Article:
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2020 Report Open Access OPEN

AIMH research activities 2020
Aloia N., Amato G., Bartalesi V., Benedetti F., Bolettieri P., Carrara F., Casarosa V., Ciampi L., Concordia C., Corbara S., Esuli A., Falchi F., Gennaro C., Lagani G., Massoli F. V., Meghini C., Messina N., Metilli D., Molinari A., Moreo A., Nardi A., Pedrotti A., Pratelli N., Rabitti F., Savino P., Sebastiani F., Thanos C., Trupiano L., Vadicamo L., Vairo C.
Annual Report of the Artificial Intelligence for Media and Humanities laboratory (AIMH) research activities in 2020.

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2020 Conference object Open Access OPEN

Cross-resolution deep features based image search
Massoli F. V., Falchi F., Gennaro C., Amato G.
Deep Learning models proved to be able to generate highly discriminative image descriptors, named deep features, suitable for similarity search tasks such as Person Re-Identification and Image Retrieval. Typically, these models are trained by employing high-resolution datasets, therefore reducing the reliability of the produced representations when low-resolution images are involved. The similarity search task becomes even more challenging in the cross-resolution scenarios, i.e., when a low-resolution query image has to be matched against a database containing descriptors generated from images at different, and usually high, resolutions. To solve this issue, we proposed a deep learning-based approach by which we empowered a ResNet-like architecture to generate resolution-robust deep features. Once trained, our models were able to generate image descriptors less brittle to resolution variations, thus being useful to fulfill a similarity search task in cross-resolution scenarios. To asses their performance, we used synthetic as well as natural low-resolution images. An immediate advantage of our approach is that there is no need for Super-Resolution techniques, thus avoiding the need to synthesize queries at higher resolutions.Source: Similarity Search and Applications, pp. 352–360, Copenhagen, Denmark, 20/09/2020, 2/10/2020
DOI: 10.1007/978-3-030-60936-8_27

See at: link.springer.com Open Access | ISTI Repository Open Access | CNR ExploRA Open Access | Unknown Repository Restricted


2020 Conference object Open Access OPEN

Monitoring Traffic Flows via Unsupervised Domain Adaptation
Ciampi L., Gennaro C., Amato G.
Monitoring traffic flows in cities is crucial to improve urban mobility, and images are the best sensing modality to perceive and assess the flow of vehicles in large areas. However, current machine learning-based technologies using images hinge on large quantities of annotated data, preventing their scalability to city-scale as new cameras are added to the system. We propose a new methodology to design image-based vehicle density estimators with few labeled data via an unsupervised domain adaptation technique.Source: 6th Italian Conference on ICT for Smart Cities And Communities, pp. 1–2, Online Conference, 23-25/09/2020,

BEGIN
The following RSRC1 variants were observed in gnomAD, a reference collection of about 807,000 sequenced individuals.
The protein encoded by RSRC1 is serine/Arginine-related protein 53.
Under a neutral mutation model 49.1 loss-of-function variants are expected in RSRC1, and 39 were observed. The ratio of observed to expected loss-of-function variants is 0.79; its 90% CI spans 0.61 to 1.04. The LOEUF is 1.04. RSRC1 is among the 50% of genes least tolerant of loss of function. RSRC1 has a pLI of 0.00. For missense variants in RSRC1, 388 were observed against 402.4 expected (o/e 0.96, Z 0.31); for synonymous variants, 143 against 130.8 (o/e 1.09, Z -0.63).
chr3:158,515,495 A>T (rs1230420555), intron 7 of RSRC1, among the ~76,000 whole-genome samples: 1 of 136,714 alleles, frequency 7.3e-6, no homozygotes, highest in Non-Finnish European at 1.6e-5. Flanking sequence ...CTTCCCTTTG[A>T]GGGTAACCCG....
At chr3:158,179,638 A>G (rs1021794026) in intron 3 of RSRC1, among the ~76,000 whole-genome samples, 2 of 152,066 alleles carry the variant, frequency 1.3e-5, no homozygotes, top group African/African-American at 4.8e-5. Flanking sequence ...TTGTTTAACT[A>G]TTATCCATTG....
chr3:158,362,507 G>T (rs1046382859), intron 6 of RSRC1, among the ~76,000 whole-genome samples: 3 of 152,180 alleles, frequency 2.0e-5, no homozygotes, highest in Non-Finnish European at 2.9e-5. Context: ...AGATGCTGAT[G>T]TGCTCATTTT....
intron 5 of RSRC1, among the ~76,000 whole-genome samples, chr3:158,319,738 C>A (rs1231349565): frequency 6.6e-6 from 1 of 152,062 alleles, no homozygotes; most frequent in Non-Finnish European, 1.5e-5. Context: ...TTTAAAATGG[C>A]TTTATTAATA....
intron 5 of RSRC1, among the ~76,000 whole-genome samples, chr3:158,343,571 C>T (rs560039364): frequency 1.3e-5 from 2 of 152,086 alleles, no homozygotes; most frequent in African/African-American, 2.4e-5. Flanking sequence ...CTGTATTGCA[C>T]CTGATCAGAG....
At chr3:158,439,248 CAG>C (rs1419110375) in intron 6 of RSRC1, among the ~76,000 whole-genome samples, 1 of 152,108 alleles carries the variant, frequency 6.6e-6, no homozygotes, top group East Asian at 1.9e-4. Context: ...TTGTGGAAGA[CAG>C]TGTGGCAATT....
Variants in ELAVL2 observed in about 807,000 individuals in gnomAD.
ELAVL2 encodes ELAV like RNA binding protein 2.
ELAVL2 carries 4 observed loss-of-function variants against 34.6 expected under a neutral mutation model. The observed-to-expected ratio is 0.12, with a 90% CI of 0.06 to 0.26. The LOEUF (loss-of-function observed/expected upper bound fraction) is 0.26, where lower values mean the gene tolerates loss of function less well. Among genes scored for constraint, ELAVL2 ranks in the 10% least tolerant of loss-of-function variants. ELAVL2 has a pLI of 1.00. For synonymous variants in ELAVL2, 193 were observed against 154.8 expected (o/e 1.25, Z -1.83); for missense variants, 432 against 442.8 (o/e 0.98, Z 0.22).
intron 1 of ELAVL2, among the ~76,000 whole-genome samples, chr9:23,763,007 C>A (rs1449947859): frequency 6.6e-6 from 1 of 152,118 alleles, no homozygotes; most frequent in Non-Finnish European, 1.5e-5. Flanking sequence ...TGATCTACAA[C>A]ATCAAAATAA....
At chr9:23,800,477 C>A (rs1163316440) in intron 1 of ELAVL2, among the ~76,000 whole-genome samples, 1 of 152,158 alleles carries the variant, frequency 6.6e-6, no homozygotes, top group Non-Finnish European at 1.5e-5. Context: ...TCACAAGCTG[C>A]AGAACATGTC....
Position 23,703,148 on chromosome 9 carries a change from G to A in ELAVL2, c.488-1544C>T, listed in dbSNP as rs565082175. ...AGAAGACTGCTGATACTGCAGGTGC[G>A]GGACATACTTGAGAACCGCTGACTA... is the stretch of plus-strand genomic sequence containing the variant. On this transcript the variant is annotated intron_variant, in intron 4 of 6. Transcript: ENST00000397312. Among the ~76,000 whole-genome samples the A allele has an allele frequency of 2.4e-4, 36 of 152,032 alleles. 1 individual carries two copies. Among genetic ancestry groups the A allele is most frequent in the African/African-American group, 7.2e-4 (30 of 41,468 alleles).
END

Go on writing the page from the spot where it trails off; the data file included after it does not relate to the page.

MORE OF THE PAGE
Project(s): AI4EU via OpenAIRE

See at: ISTI Repository Open Access | CNR ExploRA Open Access


2019 Article Open Access OPEN

Distributed video surveillance using smart cameras
Kavalionak H., Gennaro C., Amato G., Vairo C., Perciante C., Meghini C., Falchi F.
Video surveillance systems have become an indispensable tool for the security and organization of public and private areas. Most of the current commercial video surveillance systems rely on a classical client/server architecture to perform face and object recognition. In order to support the more complex and advanced video surveillance systems proposed in the last years, companies are required to invest resources in order to maintain the servers dedicated to the recognition tasks. In this work, we propose a novel distributed protocol for a face recognition system that exploits the computational capabilities of the surveillance devices (i.e. cameras) to perform the recognition of the person. The cameras fall back to a centralized server if their hardware capabilities are not enough to perform the recognition. In order to evaluate the proposed algorithm we simulate and test the 1NN and weighted kNN classification algorithms via extensive experiments on a freely available dataset. As a prototype of surveillance devices we have considered Raspberry PI entities. By means of simulations, we show that our algorithm is able to reduce up to 50% of the load from the server with no negative impact on the quality of the surveillance service.Source: Journal of grid computing 17 (2019): 59–77. doi:10.1007/s10723-018-9467-x
DOI: 10.1007/s10723-018-9467-x

See at: ISTI Repository Open Access | Journal of Grid Computing Restricted | Journal of Grid Computing Restricted | Journal of Grid Computing Restricted | link.springer.com Restricted | Journal of Grid Computing Restricted | Journal of Grid Computing Restricted | Journal of Grid Computing Restricted | CNR ExploRA Restricted


2019 Conference object Open Access OPEN